HSBC: Choosing the right ESG framework for your business

Today, Environmental, Social, and Governance (ESG) risks and opportunities are increasingly recognised by consumers, investors and regulators around the world. This drives demand for ESG data when analysing a company’s performance or making financial decisions.

Against this backdrop, many companies are looking for ways to link business initiatives with ESG performance, but locating a suitable framework capable of managing this is easier said than done.

What does materiality assessment mean to you?

At present, ESG reporting is voluntary for most companies in the majority of markets globally, but increasingly stock exchanges have started to include sustainability as part of their listing requirements as well as firms choosing to start reporting on these metrics.

In Hong Kong, a listed company is currently mandated to publish an annual ESG report. These reporting demands are expected to be further strengthened by 2025.

To compile these important documents for clients, regulators and investors, companies need to identify ESG issues that are most significant to their business or stakeholders, an exercise called “materiality assessment”.

During these assessments, companies can systematically map out the ESG issues that can have significant impacts (either positively or negatively) on their companies, a process designed to help prioritise ESG objectives and incentives.

Some companies may go further in their assessments, looking to identify “financially material” and “impact material” issues as well. The former refers to factors that may build up or erode enterprise value, while the latter concerns effects on people, the economy and the environment.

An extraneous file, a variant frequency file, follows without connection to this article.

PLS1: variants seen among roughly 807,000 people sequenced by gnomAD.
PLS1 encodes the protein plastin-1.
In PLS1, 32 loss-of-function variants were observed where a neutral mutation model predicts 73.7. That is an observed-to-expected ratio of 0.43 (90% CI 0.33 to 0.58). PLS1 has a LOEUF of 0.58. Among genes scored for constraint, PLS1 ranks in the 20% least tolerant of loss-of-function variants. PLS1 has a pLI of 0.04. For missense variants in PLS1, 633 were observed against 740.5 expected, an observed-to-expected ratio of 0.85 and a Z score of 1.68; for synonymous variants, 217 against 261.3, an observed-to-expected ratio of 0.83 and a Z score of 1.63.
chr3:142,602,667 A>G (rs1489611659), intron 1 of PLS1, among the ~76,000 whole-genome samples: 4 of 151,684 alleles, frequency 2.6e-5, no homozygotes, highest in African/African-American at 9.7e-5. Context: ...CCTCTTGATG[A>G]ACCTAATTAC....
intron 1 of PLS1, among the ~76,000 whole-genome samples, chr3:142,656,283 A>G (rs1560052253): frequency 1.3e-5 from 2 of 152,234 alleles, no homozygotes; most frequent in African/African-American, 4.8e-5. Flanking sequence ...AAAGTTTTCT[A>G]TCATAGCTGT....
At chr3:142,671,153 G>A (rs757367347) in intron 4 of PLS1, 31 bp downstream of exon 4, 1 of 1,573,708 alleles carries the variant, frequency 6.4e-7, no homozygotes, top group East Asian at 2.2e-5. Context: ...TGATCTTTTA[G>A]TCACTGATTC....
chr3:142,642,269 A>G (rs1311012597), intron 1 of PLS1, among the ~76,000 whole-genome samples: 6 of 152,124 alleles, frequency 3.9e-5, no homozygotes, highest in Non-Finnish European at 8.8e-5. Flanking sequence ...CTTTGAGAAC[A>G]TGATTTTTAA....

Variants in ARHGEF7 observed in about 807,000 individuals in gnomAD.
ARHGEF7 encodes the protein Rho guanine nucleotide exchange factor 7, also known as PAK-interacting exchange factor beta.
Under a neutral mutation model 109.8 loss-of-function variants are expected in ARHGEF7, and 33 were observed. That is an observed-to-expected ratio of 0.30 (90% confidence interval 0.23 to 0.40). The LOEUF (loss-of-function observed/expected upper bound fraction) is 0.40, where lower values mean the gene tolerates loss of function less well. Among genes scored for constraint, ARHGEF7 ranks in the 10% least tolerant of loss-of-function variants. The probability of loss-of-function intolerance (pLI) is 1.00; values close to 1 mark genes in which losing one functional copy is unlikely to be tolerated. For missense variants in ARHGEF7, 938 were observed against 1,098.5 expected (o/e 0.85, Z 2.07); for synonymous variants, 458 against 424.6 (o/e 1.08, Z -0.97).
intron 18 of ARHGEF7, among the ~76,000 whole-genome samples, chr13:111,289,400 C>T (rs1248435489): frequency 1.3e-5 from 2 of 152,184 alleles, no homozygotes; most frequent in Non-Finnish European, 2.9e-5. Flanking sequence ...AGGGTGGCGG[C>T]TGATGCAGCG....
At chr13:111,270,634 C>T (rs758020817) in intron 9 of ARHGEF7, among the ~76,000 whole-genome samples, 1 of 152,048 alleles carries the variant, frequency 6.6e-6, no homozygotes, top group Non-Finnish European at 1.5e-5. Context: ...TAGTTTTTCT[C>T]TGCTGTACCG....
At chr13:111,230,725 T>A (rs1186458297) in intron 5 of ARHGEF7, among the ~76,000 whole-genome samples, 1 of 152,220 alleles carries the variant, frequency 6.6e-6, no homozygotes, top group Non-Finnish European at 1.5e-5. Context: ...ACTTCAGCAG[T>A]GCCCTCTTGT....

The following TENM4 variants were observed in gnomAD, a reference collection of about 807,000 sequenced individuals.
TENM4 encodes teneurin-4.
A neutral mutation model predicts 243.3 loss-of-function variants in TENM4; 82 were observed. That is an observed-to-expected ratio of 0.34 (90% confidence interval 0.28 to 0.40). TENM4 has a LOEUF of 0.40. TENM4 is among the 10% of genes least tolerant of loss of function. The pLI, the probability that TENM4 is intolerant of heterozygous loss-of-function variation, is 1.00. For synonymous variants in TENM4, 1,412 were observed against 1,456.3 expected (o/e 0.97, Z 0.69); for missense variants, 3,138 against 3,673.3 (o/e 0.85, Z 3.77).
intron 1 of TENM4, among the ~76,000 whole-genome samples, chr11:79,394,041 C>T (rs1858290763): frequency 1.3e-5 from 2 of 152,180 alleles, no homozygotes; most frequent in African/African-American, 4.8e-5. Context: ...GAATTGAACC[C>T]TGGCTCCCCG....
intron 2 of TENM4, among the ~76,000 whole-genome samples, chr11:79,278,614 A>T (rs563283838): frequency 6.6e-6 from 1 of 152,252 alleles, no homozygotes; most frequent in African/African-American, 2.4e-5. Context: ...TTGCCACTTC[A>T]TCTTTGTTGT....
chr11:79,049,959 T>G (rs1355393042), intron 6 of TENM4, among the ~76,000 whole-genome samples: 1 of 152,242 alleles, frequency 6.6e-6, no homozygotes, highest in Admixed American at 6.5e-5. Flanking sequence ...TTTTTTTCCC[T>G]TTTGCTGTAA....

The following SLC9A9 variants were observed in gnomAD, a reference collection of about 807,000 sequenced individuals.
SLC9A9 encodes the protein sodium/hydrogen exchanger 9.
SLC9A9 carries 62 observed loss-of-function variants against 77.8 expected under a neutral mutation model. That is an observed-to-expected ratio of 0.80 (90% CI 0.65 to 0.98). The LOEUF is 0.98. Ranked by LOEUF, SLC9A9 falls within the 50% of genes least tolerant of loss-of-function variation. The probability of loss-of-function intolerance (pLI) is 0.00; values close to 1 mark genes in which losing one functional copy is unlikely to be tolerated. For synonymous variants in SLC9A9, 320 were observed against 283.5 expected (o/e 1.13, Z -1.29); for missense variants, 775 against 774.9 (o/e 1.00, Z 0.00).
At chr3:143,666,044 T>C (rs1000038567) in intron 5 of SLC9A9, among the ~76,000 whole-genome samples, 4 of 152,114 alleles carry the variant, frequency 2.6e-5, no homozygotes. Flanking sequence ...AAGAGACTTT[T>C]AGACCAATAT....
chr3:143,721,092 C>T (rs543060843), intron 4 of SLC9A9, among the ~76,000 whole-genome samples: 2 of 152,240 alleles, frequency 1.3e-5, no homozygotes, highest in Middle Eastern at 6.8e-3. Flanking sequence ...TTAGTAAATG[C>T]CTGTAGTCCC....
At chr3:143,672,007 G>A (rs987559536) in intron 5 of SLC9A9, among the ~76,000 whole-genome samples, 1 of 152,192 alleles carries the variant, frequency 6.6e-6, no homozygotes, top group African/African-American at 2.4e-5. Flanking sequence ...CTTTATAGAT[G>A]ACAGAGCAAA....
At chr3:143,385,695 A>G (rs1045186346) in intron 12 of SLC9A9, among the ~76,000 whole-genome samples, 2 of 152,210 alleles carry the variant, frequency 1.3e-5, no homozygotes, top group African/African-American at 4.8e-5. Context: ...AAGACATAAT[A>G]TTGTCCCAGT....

To effectively identify material considerations, ESG champions of these companies may pursue a variety of stakeholder engagements, including company-wide (online) surveys, focus groups and senior management interviews.

These inputs can then be weighted and plotted on an ESG Materiality Assessment Matrix according to their relative degrees of importance. This matrix – a graphically presented outcome of the surveys – can then be reviewed by company leaders and various ESG groups and committees to set priorities. This method is widely endorsed by ESG specialists, rating agencies and is also recommended by Hong Kong Stock Exchange in its ESG reporting guide.

An example of an ESG Materiality Matrix – General Disclosures, KPIs and ESG factors that are placed within Quadrant I of the materiality matrix are considered critical for disclosure in the ESG report because they are highly material. ESG factors that have a high position on one axis but a lower position on the other axis (i.e. Quadrant II and Quadrant IV) may also be considered material. Source: How to prepare an ESG report, Hong Kong Stock Exchange

Which reporting framework should you follow?

There are a few globally-recognised ESG frameworks available, GRI and SASB standards are most widely used:

The European Sustainability Reporting Standards (ESRS) coming effective from 2024 for certain types of companies operating in the European Union will further change the ESG reporting landscape.

These burgeoning sets of referencing tools are set to enable more organisations, no matter large or small, to put sustainability to work and respond to their stakeholders’ needs.


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